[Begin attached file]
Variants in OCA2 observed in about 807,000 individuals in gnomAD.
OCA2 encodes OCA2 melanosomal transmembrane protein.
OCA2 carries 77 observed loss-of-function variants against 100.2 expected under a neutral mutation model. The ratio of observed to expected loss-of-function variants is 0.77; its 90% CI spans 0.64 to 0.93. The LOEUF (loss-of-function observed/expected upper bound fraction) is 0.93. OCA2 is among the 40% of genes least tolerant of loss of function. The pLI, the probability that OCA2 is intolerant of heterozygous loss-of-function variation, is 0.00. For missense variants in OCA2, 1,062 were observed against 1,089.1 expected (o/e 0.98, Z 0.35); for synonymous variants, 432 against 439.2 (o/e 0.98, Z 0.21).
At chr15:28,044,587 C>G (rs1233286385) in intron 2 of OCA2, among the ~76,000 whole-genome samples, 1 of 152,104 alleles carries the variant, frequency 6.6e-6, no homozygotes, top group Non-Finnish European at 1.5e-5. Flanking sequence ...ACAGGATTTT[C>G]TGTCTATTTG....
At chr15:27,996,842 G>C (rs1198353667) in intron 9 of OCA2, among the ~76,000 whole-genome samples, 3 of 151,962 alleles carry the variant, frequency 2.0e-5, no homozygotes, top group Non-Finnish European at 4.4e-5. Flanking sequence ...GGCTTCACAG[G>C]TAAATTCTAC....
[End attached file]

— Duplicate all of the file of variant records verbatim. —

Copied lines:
Variants in OCA2 observed in about 807,000 individuals in gnomAD.
OCA2 encodes OCA2 melanosomal transmembrane protein.
OCA2 carries 77 observed loss-of-function variants against 100.2 expected under a neutral mutation model. The ratio of observed to expected loss-of-function variants is 0.77; its 90% CI spans 0.64 to 0.93. The LOEUF (loss-of-function observed/expected upper bound fraction) is 0.93. OCA2 is among the 40% of genes least tolerant of loss of function. The pLI, the probability that OCA2 is intolerant of heterozygous loss-of-function variation, is 0.00. For missense variants in OCA2, 1,062 were observed against 1,089.1 expected (o/e 0.98, Z 0.35); for synonymous variants, 432 against 439.2 (o/e 0.98, Z 0.21).
At chr15:28,044,587 C>G (rs1233286385) in intron 2 of OCA2, among the ~76,000 whole-genome samples, 1 of 152,104 alleles carries the variant, frequency 6.6e-6, no homozygotes, top group Non-Finnish European at 1.5e-5. Flanking sequence ...ACAGGATTTT[C>G]TGTCTATTTG....
At chr15:27,996,842 G>C (rs1198353667) in intron 9 of OCA2, among the ~76,000 whole-genome samples, 3 of 151,962 alleles carry the variant, frequency 2.0e-5, no homozygotes, top group Non-Finnish European at 4.4e-5. Flanking sequence ...GGCTTCACAG[G>C]TAAATTCTAC....